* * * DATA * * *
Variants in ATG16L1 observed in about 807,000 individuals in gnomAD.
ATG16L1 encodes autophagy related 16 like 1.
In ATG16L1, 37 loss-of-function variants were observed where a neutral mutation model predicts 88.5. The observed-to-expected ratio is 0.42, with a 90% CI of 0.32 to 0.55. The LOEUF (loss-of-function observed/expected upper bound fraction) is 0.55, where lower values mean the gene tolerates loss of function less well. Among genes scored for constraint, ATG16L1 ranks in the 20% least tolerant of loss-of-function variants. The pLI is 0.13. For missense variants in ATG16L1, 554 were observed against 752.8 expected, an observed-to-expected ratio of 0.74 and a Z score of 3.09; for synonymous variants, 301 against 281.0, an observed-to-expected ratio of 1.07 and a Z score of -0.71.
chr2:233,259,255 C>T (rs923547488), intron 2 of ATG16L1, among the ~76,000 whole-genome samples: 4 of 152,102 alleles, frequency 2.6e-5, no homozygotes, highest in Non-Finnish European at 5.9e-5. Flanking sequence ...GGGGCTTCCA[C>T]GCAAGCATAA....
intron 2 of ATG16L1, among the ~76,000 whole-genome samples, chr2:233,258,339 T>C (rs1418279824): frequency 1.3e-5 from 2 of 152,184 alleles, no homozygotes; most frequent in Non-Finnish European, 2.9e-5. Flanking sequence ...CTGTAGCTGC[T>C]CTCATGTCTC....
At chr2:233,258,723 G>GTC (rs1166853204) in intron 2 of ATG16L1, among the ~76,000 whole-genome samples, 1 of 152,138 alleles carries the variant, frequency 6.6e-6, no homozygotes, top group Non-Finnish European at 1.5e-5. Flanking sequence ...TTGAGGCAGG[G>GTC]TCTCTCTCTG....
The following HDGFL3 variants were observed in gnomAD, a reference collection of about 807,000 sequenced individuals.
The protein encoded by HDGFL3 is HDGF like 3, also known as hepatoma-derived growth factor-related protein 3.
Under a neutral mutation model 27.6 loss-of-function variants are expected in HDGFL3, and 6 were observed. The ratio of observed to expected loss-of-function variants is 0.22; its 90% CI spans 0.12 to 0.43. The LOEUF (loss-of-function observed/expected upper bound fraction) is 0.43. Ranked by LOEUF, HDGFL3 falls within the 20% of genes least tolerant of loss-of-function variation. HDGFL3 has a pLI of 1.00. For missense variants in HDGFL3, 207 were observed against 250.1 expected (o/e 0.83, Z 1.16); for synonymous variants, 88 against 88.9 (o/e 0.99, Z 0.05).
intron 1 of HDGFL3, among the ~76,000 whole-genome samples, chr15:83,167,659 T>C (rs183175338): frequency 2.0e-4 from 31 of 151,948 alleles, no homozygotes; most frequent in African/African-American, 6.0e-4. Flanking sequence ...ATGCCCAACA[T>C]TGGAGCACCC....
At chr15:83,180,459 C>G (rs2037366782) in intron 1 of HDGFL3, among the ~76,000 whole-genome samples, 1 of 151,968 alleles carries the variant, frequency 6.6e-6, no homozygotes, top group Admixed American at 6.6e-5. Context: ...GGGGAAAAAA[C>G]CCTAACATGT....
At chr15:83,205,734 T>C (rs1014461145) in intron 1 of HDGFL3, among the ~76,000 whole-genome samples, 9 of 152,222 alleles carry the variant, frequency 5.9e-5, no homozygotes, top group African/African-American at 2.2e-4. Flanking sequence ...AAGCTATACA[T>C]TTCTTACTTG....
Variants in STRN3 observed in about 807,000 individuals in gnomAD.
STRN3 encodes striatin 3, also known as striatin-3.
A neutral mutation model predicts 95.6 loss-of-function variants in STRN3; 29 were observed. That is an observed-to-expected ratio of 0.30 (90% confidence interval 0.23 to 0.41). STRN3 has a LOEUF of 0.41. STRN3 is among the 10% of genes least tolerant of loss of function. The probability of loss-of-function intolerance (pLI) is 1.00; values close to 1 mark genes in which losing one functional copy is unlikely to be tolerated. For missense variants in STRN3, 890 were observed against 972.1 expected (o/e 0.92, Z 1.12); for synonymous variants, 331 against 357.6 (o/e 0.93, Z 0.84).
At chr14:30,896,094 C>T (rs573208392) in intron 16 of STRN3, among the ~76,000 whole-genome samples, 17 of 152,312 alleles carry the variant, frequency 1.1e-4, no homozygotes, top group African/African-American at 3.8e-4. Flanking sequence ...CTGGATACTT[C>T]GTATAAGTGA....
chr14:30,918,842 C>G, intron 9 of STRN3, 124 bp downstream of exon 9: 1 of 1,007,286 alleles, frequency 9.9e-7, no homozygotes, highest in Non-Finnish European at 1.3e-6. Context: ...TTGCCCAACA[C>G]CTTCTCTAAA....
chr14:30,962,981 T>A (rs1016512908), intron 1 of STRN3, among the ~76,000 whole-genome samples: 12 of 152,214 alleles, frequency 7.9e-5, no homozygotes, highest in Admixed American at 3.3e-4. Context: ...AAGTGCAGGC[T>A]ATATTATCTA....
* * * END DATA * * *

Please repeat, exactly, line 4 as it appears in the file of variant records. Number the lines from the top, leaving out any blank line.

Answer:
chr2:233,259,255 C>T (rs923547488), intron 2 of ATG16L1, among the ~76,000 whole-genome samples: 4 of 152,102 alleles, frequency 2.6e-5, no homozygotes, highest in Non-Finnish European at 5.9e-5. Flanking sequence ...GGGGCTTCCA[C>T]GCAAGCATAA....